Due to recent budget cuts made by Governor Charlie Baker, these nine HCECs are being threatened, which will directly impact a large number of clients we serve at HAC. These are our neighbors - teachers, plumbers, electricians, firefighters, waiters, certified nursing assistants and more - who need help, support and housing stability to remain here on Cape Cod.

At HAC, our HCEC conducts client intake, determining whether there is an internal HAC program that can assist them or we need to refer them to an outside agency. Our HCEC also assists clients with housing search, working with them to find safe, secure housing in the region; provides foreclosure and reverse mortgage counseling; and offers financial literacy workshops for low- and middle-income residents.

Maureen Fitzgerald, executive director of the Regional Housing Network, which is made up of the nine HCECs throughout the state, recently wrote that, “the HCECs continue to be one of the Commonwealth’s most effective, impactful, and far-reaching housing and homelessness prevention programs. In an environment where resources are so narrowly targeted, the Centers fill in the gaps, ensuring that the right people get to the right resources at the right time.”

The statement was made as part of a letter written in light of Governor Baker’s proposed Fiscal Year 2018 budget which had $320 million worth of vetoes, including a $600,000 reduction in funding for HCECs statewide. This will negatively affect agencies like HAC’s HCEC which is working with individuals and families at risk of homelessness, facing eviction, and seeking to find affordable rentals.

Because of this threat, I have spent time at the State House in Boston this month, meeting with our legislators to urge them to restore both the $800,000 vetoed in Line Item 7006-0011 and the language directing support to the state’s HCECs. We must ensure that the proper state funding is in place so agencies like HAC can continue to serve these clients in an effective and efficient manner.

Tags: HCEC, Regional Housing Network of Massachusetts, State budget, housing consumer education, Alisa Galazzi, Governor Charlie Baker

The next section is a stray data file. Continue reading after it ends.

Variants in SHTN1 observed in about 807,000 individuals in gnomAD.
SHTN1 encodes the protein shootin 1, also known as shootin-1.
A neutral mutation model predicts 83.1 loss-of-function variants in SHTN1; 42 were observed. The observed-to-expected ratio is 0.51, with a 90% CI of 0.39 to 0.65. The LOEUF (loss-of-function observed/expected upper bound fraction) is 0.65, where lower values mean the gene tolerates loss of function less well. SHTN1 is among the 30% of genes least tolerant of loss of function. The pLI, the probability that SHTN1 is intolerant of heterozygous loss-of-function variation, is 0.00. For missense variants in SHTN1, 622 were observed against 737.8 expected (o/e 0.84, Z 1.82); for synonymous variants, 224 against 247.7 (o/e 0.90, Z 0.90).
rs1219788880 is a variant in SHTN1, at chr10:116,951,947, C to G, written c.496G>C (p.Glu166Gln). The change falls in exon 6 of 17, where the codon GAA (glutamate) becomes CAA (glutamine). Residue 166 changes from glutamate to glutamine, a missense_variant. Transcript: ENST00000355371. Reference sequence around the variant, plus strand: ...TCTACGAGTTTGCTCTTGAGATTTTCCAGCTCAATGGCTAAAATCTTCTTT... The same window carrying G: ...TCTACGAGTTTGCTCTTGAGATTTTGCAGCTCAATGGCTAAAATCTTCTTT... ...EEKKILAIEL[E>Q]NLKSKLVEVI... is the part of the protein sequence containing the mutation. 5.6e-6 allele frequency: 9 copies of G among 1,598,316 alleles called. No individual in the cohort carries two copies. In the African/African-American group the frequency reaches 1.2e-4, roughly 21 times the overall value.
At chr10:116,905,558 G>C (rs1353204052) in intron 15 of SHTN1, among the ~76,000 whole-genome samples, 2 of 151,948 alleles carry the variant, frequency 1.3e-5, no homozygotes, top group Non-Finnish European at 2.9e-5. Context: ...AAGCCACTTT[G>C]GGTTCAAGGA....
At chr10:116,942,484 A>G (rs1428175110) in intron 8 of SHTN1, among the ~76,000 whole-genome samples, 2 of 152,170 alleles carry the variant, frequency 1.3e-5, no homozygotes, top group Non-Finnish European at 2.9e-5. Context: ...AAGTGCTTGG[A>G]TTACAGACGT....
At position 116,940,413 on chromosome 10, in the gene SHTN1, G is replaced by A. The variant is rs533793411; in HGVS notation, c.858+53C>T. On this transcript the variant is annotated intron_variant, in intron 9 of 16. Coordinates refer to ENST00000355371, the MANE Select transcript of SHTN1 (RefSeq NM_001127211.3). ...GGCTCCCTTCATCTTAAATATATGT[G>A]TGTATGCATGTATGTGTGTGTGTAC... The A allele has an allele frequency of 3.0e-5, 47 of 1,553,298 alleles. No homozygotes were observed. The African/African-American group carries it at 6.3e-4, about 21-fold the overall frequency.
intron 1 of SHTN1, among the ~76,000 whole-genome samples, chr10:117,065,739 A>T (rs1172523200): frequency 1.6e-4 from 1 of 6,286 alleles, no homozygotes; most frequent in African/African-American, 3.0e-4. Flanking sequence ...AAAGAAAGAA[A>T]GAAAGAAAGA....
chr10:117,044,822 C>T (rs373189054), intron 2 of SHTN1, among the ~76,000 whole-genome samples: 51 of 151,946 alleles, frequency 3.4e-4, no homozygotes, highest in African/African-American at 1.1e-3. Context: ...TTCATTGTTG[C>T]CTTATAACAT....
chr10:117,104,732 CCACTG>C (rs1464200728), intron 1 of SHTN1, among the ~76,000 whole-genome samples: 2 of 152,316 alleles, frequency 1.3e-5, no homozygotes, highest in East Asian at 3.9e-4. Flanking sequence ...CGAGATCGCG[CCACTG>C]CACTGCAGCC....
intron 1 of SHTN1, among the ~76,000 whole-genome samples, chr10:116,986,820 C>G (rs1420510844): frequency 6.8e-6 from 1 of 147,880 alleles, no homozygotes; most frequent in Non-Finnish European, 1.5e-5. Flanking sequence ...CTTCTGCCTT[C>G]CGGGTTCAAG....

Quahog Challenge Cooks Up Hope for HAC Clients

Posted by Chris Kazarian on Fri, Sep 15, 2017 @ 10:52 AM
QuahogChallenge17-2.jpgAn attendee samples a stuffed quahog made by Sea Dog Brew Pub in Yarmouth. There were a total of 11 chefs and nine restaurants who competed in this year's Cape Cod Quahog Challenge. 

On a sunny Sunday at the beginning of last month, 11 local chefs and 9 Cape restaurants and their staff chose to donate their time, energy and talents to cooking up some much-needed hope for HAC and the clients they serve.

That hope can in the form of tasty samplers of a regional dish – stuffed quahogs – served up as part of the agency’s 3rd Annual Cape Cod Quahog Challenge at Trader Ed’s in Hyannis. “We all have choices for what we do on a beautiful Sunday on Cape Cod and the fact that you’re all here really means a lot to all of us,” HAC CEO Alisa Galazzi told this year’s competitors.

Together, the 11 participants and the nearly 300 people in attendance helped HAC raise more than $30,000 that will go to support the agency’s housing programs on Cape Cod and the Islands.

In the amateur category, Ron Winner led The Shepley Shuckers to their third straight victory, besting newcomer O’Keegan’s Quahogs cooked up by HAC staffer Jodi Keegan. Keegan and her friend Amanda O’Connell dug up all the quahogs, plus blue crabs, that were used in her recipe.

QuahogChallenge17-1.jpgFor the third straight year, The Shepley Shuckers came out on top in the amateur category.